Their feet kick up their dreams in the sand.
The lifeguard stays on,
Talking away with an older female friend sitting down below. 
She keeps him company for the day.
He talks about the sea, the wild sea so ‘bravo’ from the full moon rising in the sky.
Gentle souls were he, and she.

And the small blond girl stood before her pyramids
Arms extended from East to West
Absorbing the current through her veins, eager to gulp her up like a whale.
But she stood strong, and firm, 
Impermeable and invincible against the steady gust of wind,
As she overlooked the sea with its fierce and raucous waves. 
When her father said “Aria, it’s time to go,”
A loud and thunderous “No” came from her tiny back turned body,
Resistant to a thief who would dare to steal her dream.
But she acquiesced leaving her castles behind, like the friendly couple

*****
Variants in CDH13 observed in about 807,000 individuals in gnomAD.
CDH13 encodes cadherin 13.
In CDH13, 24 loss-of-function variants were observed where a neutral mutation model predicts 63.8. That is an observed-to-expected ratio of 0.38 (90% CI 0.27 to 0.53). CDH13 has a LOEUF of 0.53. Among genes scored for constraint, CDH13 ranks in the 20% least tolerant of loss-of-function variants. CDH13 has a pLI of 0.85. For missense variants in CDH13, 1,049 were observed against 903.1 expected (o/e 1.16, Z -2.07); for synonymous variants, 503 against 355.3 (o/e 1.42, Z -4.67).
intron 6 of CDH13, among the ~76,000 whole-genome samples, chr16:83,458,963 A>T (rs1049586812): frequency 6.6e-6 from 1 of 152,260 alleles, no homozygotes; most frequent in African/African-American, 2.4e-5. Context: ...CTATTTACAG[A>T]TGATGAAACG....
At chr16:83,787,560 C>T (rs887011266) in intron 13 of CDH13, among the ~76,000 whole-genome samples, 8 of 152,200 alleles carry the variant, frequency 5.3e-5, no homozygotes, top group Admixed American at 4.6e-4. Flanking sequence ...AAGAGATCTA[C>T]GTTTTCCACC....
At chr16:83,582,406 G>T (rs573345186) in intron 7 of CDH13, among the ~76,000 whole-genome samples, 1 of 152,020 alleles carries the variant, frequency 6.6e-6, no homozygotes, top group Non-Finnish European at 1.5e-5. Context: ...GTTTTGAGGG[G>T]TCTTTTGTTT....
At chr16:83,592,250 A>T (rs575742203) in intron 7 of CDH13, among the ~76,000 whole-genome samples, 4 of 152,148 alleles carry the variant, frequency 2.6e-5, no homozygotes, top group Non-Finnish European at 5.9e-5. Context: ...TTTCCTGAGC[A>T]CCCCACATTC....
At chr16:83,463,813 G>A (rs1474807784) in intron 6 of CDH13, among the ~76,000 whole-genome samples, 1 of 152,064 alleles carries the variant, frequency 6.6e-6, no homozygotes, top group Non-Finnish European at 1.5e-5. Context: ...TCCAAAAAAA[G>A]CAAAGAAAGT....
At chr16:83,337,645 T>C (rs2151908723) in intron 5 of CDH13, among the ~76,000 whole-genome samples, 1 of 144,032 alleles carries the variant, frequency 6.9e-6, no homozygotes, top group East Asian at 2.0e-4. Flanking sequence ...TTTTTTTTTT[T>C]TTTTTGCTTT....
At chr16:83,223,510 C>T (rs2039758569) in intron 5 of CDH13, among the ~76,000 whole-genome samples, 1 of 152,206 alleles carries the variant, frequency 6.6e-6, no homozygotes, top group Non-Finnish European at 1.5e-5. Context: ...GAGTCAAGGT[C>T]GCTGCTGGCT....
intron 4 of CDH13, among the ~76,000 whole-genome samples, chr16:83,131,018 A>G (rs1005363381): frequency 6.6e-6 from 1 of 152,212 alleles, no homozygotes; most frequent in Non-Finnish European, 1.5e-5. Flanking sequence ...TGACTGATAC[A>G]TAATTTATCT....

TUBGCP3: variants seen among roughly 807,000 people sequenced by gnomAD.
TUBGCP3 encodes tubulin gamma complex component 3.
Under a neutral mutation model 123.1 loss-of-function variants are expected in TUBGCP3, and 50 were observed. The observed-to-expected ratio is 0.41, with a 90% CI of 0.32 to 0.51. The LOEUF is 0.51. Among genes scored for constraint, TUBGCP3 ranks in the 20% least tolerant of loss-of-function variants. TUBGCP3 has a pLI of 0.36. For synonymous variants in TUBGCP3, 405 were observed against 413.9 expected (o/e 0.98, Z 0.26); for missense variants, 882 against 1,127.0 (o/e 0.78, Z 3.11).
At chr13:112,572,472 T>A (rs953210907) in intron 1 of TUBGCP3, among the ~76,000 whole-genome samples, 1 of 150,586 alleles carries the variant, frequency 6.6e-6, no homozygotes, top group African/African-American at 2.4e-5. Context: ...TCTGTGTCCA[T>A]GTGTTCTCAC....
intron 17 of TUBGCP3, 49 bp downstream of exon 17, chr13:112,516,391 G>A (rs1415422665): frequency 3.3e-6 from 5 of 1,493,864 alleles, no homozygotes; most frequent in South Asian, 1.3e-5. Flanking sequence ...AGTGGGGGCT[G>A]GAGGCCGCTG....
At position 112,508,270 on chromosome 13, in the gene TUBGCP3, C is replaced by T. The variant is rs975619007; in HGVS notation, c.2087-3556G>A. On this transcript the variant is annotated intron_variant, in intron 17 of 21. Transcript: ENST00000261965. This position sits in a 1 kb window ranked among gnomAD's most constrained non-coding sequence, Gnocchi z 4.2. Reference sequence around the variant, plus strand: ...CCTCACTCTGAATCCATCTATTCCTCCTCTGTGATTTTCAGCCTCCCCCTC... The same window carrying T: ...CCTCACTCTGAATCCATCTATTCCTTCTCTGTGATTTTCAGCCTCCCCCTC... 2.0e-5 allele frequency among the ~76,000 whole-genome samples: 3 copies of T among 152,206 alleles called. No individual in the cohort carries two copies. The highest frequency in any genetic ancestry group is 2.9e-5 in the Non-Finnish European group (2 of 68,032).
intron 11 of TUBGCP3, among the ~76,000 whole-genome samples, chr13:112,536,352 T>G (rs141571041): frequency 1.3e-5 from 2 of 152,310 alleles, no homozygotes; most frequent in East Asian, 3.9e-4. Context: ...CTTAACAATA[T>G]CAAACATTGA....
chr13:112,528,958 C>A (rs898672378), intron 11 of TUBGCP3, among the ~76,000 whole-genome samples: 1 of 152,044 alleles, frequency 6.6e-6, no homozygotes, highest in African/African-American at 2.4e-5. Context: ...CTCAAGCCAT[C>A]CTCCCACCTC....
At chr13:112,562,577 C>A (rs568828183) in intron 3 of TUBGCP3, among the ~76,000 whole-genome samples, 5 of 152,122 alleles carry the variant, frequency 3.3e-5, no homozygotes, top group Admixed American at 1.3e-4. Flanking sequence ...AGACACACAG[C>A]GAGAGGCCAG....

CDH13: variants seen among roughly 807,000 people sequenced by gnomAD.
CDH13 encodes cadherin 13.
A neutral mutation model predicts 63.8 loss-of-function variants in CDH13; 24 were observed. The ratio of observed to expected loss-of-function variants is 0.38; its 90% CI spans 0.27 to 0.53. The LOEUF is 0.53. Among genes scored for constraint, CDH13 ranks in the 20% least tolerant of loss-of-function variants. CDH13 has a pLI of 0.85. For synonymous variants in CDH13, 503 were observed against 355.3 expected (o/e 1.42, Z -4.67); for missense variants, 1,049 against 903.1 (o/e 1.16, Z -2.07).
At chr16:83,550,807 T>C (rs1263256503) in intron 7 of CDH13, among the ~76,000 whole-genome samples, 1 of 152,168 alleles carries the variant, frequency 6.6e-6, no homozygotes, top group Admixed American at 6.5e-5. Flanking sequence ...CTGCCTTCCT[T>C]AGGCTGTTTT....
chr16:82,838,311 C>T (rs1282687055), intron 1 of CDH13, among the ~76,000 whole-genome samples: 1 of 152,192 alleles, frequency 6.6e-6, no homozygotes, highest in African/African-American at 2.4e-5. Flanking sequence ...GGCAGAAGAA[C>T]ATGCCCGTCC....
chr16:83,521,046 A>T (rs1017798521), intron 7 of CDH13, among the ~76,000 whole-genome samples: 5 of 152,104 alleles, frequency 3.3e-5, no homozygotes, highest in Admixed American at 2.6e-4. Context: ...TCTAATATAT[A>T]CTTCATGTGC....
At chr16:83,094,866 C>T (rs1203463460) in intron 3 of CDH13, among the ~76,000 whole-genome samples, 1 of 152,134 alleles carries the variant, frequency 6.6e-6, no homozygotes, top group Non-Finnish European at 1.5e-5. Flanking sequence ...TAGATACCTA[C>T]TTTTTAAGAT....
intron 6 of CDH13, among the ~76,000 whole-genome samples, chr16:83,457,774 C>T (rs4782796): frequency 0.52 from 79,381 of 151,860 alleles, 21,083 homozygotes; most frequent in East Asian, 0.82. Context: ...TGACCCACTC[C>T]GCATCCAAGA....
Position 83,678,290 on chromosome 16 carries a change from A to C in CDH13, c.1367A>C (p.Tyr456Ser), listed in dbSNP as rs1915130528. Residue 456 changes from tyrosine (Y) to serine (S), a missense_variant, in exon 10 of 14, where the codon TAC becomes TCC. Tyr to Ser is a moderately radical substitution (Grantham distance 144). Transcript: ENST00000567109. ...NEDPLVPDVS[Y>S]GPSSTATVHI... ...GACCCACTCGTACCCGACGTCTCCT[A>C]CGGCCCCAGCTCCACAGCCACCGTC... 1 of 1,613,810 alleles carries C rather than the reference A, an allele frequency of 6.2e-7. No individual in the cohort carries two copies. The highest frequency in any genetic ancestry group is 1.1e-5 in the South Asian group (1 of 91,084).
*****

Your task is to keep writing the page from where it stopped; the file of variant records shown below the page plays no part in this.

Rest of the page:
Sitting nearby, she too packed up her things to return to her camp at Burlingame Park.

A single colored, sleeping woman, with a indigo bandana, tied like a crown on her head, was awoken from her dream.  Startled to find her dry little island in the sand 
Surrounded by the water, the encroaching tide told her she must flee -
To save herself from getting totally drenched.  Her dream clung at the edge of consciousness
As she raised herself from the ground.
 
The small girl was still standing in the distance with her parents.
We caught her eye and waved, she waved back.
Then they were gone. Disappeared as if they had never been there before.